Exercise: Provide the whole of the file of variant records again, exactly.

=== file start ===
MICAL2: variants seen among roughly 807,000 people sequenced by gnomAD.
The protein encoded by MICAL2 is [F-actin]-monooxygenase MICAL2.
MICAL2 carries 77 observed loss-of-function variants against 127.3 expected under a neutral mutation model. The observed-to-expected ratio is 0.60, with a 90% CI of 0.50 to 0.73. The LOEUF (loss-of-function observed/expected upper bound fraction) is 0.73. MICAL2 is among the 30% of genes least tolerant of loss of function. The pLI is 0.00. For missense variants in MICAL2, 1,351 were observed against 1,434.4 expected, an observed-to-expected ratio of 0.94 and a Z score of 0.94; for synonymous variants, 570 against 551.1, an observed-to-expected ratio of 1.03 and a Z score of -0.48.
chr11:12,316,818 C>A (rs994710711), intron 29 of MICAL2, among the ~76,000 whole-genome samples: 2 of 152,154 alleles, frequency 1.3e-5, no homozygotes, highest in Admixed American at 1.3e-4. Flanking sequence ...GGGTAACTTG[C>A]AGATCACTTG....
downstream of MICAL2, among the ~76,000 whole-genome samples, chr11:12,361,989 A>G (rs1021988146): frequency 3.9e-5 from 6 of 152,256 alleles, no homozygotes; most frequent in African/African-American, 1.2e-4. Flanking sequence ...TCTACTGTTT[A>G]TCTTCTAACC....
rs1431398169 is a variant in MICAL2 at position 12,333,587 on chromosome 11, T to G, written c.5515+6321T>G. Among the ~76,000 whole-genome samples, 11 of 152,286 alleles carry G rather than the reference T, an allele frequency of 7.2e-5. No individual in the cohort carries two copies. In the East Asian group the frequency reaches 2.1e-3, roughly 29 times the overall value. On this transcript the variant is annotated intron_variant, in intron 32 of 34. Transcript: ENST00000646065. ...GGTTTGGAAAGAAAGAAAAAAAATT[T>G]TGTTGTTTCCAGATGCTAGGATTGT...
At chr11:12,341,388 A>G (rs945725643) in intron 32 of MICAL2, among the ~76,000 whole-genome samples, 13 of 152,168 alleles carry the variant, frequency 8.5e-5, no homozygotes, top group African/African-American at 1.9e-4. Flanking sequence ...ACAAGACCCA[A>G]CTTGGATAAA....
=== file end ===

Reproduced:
MICAL2: variants seen among roughly 807,000 people sequenced by gnomAD.
The protein encoded by MICAL2 is [F-actin]-monooxygenase MICAL2.
MICAL2 carries 77 observed loss-of-function variants against 127.3 expected under a neutral mutation model. The observed-to-expected ratio is 0.60, with a 90% CI of 0.50 to 0.73. The LOEUF (loss-of-function observed/expected upper bound fraction) is 0.73. MICAL2 is among the 30% of genes least tolerant of loss of function. The pLI is 0.00. For missense variants in MICAL2, 1,351 were observed against 1,434.4 expected, an observed-to-expected ratio of 0.94 and a Z score of 0.94; for synonymous variants, 570 against 551.1, an observed-to-expected ratio of 1.03 and a Z score of -0.48.
chr11:12,316,818 C>A (rs994710711), intron 29 of MICAL2, among the ~76,000 whole-genome samples: 2 of 152,154 alleles, frequency 1.3e-5, no homozygotes, highest in Admixed American at 1.3e-4. Flanking sequence ...GGGTAACTTG[C>A]AGATCACTTG....
downstream of MICAL2, among the ~76,000 whole-genome samples, chr11:12,361,989 A>G (rs1021988146): frequency 3.9e-5 from 6 of 152,256 alleles, no homozygotes; most frequent in African/African-American, 1.2e-4. Flanking sequence ...TCTACTGTTT[A>G]TCTTCTAACC....
rs1431398169 is a variant in MICAL2 at position 12,333,587 on chromosome 11, T to G, written c.5515+6321T>G. Among the ~76,000 whole-genome samples, 11 of 152,286 alleles carry G rather than the reference T, an allele frequency of 7.2e-5. No individual in the cohort carries two copies. In the East Asian group the frequency reaches 2.1e-3, roughly 29 times the overall value. On this transcript the variant is annotated intron_variant, in intron 32 of 34. Transcript: ENST00000646065. ...GGTTTGGAAAGAAAGAAAAAAAATT[T>G]TGTTGTTTCCAGATGCTAGGATTGT...
At chr11:12,341,388 A>G (rs945725643) in intron 32 of MICAL2, among the ~76,000 whole-genome samples, 13 of 152,168 alleles carry the variant, frequency 8.5e-5, no homozygotes, top group African/African-American at 1.9e-4. Flanking sequence ...ACAAGACCCA[A>G]CTTGGATAAA....